If you’re like me, you thought sausage-making was for culinary wizards. But the truth is that sausage-making is not only very forgiving and convenient when you have cuts of meat you don’t know what to do with… it’s also pretty fun! You will need a mixer, a meat grinder, and a sausage stuffer.
Check out my blog post on hunting and butchering deer in Texas for more detail than you probably ever wanted.
And enjoy this great Venison Sausage recipe!
Sausages are one of the oldest prepared foods. Traditionally, sausages made use of the less-desirable animal parts and scraps that could be cured in salt and put in the cleaned, inside-out intestines of an animal. Today, things aren’t done much differently than they were in 589 BC. Sausage is simply a combination of meat, fat, salt, and spices, stuffed into natural animal casing. The combinations of flavors are endless and it is a chance to experiment with your favorite ingredients.
Salt and pink curing salt are the two most important ingredients. As you experiment, write down the amounts of each ingredient that you use so you can go back and adjust.
3 1/2 pounds venison shoulder or haunch, cubed
3/4 pound hog shoulder butt, cubed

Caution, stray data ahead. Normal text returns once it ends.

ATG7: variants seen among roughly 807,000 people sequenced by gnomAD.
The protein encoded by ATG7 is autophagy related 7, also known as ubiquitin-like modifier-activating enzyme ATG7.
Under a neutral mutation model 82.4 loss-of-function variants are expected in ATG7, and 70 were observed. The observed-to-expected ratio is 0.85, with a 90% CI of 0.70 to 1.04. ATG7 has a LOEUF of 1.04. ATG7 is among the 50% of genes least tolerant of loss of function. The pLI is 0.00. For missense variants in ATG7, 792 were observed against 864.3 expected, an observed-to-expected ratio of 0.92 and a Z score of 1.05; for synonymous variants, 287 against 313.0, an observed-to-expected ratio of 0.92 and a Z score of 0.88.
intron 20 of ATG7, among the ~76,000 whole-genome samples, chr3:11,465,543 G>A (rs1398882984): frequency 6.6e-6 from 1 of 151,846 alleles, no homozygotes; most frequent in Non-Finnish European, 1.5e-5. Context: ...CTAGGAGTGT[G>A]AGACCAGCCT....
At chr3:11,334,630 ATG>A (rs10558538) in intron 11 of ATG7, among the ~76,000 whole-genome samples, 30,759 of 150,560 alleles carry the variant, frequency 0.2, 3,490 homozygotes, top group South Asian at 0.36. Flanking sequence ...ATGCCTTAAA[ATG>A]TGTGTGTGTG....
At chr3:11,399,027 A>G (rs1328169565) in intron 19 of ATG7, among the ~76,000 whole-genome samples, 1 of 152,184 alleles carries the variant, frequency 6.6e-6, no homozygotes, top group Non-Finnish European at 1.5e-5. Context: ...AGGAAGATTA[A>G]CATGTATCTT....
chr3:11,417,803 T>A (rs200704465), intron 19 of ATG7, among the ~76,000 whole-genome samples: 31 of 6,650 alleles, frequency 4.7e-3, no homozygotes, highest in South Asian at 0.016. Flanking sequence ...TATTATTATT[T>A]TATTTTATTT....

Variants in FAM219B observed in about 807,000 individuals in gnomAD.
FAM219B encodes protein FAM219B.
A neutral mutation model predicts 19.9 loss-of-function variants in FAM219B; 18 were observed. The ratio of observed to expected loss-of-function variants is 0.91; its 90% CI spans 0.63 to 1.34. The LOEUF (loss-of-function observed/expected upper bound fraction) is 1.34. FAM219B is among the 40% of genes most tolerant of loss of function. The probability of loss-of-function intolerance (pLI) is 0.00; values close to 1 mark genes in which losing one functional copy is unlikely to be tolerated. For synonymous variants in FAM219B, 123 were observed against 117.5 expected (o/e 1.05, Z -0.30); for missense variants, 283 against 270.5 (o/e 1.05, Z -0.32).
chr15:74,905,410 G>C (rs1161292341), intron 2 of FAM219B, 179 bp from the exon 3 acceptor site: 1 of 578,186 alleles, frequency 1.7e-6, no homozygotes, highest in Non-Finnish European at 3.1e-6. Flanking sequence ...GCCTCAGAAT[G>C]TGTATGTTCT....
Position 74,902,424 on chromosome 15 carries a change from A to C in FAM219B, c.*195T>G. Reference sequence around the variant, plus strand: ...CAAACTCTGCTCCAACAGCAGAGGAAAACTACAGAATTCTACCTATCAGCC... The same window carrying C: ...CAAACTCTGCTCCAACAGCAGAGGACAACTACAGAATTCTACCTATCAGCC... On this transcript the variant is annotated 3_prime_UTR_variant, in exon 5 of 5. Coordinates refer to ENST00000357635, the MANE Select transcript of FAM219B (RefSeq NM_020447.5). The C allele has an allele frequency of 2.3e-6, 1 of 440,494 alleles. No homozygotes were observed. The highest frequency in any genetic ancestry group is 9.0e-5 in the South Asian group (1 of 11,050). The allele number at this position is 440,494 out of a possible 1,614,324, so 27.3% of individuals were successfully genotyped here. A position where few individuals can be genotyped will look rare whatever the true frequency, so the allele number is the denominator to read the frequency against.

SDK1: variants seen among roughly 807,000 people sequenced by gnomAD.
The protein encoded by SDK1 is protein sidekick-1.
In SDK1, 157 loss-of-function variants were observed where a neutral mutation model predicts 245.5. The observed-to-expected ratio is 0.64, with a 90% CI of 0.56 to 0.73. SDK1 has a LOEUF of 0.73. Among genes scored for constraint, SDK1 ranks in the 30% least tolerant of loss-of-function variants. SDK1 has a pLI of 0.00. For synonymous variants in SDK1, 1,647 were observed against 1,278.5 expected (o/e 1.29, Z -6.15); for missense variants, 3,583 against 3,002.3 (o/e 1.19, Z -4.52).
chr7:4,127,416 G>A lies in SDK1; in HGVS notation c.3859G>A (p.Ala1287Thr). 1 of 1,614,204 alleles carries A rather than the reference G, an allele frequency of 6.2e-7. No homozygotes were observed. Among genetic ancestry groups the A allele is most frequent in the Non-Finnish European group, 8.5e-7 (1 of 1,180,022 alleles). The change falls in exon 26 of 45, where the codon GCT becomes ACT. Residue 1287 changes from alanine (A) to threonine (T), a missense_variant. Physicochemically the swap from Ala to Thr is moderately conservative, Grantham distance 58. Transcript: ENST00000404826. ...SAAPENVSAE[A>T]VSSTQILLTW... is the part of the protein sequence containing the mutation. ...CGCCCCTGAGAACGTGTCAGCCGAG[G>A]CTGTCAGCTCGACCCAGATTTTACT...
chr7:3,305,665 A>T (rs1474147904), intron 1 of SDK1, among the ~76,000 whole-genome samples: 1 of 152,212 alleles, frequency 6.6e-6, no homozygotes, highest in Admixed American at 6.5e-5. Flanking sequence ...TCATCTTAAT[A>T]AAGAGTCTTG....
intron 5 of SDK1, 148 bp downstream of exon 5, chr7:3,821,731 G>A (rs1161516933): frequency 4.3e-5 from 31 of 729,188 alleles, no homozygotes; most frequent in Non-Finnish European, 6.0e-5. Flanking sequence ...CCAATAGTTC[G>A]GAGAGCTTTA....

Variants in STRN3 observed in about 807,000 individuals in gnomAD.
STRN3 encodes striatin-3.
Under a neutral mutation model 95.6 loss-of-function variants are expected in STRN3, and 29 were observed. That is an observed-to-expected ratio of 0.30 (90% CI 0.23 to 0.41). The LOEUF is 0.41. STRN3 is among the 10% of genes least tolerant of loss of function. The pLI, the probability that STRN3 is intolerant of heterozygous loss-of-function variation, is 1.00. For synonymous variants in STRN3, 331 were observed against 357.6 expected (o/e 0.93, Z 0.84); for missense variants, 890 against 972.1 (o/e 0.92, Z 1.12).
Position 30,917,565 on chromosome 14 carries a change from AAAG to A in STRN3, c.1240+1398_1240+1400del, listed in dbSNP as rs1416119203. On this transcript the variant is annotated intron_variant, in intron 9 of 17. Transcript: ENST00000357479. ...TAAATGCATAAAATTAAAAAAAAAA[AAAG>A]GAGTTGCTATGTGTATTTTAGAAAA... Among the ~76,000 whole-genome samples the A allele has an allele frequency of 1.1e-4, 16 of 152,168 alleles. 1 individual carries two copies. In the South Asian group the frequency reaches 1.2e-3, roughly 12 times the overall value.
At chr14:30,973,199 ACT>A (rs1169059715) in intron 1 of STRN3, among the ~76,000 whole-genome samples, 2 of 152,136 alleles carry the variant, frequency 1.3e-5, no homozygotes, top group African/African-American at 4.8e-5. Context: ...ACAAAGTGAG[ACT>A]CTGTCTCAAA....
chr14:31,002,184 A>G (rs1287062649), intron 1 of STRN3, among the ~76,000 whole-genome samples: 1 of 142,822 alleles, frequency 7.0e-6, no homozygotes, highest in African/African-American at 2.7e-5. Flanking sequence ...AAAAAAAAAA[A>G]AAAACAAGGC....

3/4 pound hog or domestic pig fat, cubed
2 tablespoons sugar
3 tablespoons kosher salt
1 tablespoon onion powder
1 teaspoon freshly ground white pepper
2 teaspoons paprika
1 teaspoon pink curing salt #1
1/2 teaspoon ground allspice
1/2 teaspoon grated nutmeg
1 teaspoon freshly ground black pepper
1/2 teaspoon garlic powder
1 cup ice water
Natural pork casings, soaked in a bowl of saltwater
1. Before you are ready to grind the meat, put it in the freezer for about 1 hour, until the meat is firm but not frozen.
2. Grind the meat and fat through a medium die, taking care to alternate pieces of meat and fat.
3. Place the meat in the bowl of a stand mixer and add everything but the water. Mix well with the paddle attachment for about 1 minute, or with your hands for longer.
4. Add half of the ice water and continue mixing until the meat and fat are emulsified. The meat will develop a uniform, sticky appearance.
5. Work the meat through your fingers, squeezing it against the sides of the bowl.
6. Continue adding water until the meat is loose but not watery.
7. Heat oil in a small skillet. Cook 1 tablespoon of the mixture in the oil to taste the seasoning and adjust as necessary.
8. With a sausage stuffer, stuff the mixture into pork casings 6 to 8 inches long, pricking the casings with a sterilized needle as you go, to prevent air bubbles. Twist off the casing into links and let sit overnight in the refrigerator.
9. To cook, heat oil in a skillet and sear over medium-low heat for about 15 minutes, turning often. The internal temperature should be 160°F.
*Makes 5 pounds*
Happy sausage making!